The recruit can receive round-trip transportation, and the recruit and their parents can receive meals, lodging and tickets in the general seating area–not special areas-for athletic events. Complimentary souvenirs paid for by the university are not allowed, (that means t-shirts, shorts, key chains, hats, etc…)

What are the rules for printed materials given out by a coach to a recruit? Beginning on September 1st, a school may give to you an official publication and videotape of the school; general correspondence with attachments that must be printed with black ink; a media guide or recruiting brochure.

An athletic game program and a student-athlete handbook can be given with official visits.

Can I tryout for a Division I sport? Absolutely not!!

What are the rules regarding a coach contacting a recruit? There can be no off-campus contact allowed before July 1st of a recruit’s junior year. No more than three off-campus contacts are allowed for all sports, except football, which allows seven.

When can a college coach call? With the exception of football, the following telephone rules apply.

No calls are allowed from booster club members or alumni–EVER. No calls are allowed from faculty members and coaches until July 1st after the student’s junior year.

After July 1st, a coach or faculty member may call one time per week (to you, parents, or guardians).

More frequent calls may occur during five days leading to an official campus visit, on the day of a coach’s off-campus contact with a recruit or on the first three days of signing the National Letter of Intent.

**For Division I-A football, a coach may call a recruit once during May of your junior year and then may not call again until September 1st of your senior year.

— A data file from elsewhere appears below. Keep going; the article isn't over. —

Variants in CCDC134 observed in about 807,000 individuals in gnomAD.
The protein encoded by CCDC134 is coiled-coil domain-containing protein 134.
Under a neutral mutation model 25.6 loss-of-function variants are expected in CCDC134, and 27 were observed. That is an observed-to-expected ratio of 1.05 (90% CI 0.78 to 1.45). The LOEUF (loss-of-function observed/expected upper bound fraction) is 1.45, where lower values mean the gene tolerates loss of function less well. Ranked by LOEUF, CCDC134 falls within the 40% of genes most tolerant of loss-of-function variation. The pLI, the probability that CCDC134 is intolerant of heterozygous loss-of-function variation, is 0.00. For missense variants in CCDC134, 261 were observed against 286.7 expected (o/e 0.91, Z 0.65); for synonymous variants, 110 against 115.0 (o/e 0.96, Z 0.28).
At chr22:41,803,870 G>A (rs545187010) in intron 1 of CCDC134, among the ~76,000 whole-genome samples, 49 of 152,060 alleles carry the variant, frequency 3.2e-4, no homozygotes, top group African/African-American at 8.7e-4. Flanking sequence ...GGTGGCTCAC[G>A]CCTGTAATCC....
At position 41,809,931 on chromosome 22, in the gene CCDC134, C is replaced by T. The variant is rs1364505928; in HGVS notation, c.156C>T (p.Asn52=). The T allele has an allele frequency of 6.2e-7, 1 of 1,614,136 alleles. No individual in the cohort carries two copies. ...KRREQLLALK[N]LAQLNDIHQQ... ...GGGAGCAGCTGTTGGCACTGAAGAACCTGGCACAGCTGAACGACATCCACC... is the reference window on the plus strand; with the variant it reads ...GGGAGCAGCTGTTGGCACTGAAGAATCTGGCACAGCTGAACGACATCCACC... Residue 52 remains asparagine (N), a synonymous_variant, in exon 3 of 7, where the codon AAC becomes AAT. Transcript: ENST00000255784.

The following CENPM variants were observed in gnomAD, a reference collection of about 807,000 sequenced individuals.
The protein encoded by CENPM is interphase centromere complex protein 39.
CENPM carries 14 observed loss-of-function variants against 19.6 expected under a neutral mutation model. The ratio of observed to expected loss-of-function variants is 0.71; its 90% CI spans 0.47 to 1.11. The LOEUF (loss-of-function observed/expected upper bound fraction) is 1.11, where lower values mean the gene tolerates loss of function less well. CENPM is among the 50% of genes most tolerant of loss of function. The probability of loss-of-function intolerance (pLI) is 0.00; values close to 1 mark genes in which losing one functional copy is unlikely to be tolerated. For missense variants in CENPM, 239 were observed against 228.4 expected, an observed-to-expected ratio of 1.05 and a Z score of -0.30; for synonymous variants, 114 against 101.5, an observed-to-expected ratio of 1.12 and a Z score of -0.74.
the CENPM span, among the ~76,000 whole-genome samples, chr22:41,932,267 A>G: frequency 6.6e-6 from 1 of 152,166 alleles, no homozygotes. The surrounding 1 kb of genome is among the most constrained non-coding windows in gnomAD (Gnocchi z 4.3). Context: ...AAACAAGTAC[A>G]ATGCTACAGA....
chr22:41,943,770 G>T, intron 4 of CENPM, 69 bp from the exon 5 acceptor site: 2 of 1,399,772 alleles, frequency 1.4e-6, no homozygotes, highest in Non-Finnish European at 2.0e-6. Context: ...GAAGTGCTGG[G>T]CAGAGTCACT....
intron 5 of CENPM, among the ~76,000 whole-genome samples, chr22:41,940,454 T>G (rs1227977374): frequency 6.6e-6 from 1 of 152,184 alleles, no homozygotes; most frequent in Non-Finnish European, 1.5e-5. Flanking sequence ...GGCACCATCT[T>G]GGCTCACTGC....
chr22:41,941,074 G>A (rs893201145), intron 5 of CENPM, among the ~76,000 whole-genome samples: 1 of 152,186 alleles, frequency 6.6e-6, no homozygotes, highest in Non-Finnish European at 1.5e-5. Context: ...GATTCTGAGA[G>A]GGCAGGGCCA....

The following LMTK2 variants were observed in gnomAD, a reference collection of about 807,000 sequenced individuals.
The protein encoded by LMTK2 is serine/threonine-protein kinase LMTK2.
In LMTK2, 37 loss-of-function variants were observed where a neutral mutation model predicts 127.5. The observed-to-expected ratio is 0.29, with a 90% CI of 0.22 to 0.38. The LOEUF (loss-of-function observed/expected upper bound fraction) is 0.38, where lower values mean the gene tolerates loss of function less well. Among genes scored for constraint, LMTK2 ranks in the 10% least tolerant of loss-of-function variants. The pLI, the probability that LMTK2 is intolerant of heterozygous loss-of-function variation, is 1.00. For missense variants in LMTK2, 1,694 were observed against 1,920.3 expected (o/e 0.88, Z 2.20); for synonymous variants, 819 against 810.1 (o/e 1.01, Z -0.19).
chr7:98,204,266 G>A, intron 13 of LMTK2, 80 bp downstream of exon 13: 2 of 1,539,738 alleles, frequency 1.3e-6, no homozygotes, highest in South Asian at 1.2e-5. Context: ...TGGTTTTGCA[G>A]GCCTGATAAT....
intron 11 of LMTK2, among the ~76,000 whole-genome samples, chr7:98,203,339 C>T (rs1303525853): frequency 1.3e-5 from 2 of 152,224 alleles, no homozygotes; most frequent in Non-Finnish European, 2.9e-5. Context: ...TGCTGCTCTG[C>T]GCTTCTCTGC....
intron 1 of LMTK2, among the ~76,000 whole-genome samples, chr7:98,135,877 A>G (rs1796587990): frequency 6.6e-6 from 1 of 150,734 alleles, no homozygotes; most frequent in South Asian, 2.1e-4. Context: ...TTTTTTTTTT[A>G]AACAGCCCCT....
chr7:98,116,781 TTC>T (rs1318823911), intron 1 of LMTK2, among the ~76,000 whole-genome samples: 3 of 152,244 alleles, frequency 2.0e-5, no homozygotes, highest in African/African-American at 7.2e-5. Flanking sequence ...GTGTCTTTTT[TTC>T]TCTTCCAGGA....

**For Division II-A football, coaches may telephone a recruit once during the month of May of their junior year in high school and then not again until September 1st of their senior year in high school. Also, football coaches can telephone a recruit as often as they wish during the period 48 hours before and 48 hours after 7 a.m. on the initial signing date of the National Letter of Intent. Outside of the contact period, a football coach may only call you once a week.

When can a college coach, faculty members write a prospective recruit? Letters from coaches, faculty members aren’t permitted until September 1st at the beginning of a recruit’s junior year.

When can alumni and boosters contact a recruit?Never!!! Not in any way–letters, phone calls, are prohibited with the exception of the regular admissions process that applies to all students.

Can I compete in all-star Games? After you have completed your high-school eligibility and before you graduate, you are allowed to participate in two high-school all-star football or basketball contests in each sport. Most often AAU competitions do not count as All-star games-but be sure to check.

Can I transfer? If you are transferring from a four-year or two-year college to a NCAA school, you must satisfy certain requirements before being eligible to participate in athletics at that institution.

Can a player-agent contact me and represent me in contract negotiations? NCAA rules don’t prohibit meetings or discussions with an agent.

However, you jeopardize your college eligibility in a sport if you agree (orally or in writing) to be represented by an agent while in high school or college, regardless of whether the agreement becomes effective immediately or after your last season of college eligibility.